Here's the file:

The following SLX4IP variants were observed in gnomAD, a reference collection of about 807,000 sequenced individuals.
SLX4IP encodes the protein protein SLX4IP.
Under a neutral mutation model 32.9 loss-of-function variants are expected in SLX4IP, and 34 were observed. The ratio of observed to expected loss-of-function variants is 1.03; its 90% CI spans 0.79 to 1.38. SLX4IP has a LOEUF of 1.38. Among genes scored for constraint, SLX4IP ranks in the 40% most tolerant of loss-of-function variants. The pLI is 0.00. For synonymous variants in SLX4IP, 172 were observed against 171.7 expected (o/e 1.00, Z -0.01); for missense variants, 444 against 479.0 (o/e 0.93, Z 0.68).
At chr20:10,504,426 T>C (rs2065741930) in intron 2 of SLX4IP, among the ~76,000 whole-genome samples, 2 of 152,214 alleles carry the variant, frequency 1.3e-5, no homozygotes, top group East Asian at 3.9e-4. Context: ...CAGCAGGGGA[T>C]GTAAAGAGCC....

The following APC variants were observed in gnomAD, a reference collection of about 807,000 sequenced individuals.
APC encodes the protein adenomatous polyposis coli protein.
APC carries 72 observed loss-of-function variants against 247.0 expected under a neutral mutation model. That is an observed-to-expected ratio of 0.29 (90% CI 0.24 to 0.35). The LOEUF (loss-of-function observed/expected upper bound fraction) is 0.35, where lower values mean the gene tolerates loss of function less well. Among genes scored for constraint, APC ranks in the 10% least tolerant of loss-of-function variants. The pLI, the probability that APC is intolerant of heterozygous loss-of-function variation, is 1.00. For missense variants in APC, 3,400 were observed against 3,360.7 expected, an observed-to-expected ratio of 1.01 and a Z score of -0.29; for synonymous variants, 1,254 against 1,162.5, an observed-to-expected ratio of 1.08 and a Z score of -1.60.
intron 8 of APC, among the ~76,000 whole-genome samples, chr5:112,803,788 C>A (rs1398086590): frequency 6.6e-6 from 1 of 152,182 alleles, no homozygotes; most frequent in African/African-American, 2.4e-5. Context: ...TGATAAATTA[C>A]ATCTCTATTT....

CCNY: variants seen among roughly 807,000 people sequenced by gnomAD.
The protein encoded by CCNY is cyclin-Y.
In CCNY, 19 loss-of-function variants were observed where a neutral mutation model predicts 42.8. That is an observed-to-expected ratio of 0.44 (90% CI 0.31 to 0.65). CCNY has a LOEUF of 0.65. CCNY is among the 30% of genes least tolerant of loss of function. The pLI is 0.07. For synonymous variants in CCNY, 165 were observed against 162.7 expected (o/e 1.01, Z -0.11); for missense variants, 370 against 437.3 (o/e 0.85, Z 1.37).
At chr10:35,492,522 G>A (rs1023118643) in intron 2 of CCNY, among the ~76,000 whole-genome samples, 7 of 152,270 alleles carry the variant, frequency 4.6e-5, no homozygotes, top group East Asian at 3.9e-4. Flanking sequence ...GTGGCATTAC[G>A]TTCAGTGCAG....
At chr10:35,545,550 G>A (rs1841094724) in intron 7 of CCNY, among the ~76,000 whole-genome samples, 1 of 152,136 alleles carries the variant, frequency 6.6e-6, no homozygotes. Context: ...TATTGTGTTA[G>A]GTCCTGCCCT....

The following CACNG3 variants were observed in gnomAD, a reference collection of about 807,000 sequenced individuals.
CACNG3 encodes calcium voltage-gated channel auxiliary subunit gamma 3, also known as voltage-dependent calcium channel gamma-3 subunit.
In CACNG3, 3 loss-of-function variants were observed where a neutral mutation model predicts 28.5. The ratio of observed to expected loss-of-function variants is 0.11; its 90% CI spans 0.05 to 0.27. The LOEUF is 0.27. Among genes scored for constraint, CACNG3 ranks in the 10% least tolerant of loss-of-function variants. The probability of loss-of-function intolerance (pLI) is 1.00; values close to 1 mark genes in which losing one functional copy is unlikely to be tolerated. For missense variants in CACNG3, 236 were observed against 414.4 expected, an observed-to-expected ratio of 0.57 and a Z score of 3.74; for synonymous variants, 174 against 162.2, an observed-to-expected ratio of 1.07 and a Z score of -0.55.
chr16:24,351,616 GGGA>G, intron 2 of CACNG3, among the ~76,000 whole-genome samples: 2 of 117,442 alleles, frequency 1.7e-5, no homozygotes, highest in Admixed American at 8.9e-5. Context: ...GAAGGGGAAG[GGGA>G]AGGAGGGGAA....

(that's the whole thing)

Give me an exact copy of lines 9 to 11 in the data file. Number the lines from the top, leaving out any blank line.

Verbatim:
CCNY: variants seen among roughly 807,000 people sequenced by gnomAD.
The protein encoded by CCNY is cyclin-Y.
In CCNY, 19 loss-of-function variants were observed where a neutral mutation model predicts 42.8. That is an observed-to-expected ratio of 0.44 (90% CI 0.31 to 0.65). CCNY has a LOEUF of 0.65. CCNY is among the 30% of genes least tolerant of loss of function. The pLI is 0.07. For synonymous variants in CCNY, 165 were observed against 162.7 expected (o/e 1.01, Z -0.11); for missense variants, 370 against 437.3 (o/e 0.85, Z 1.37).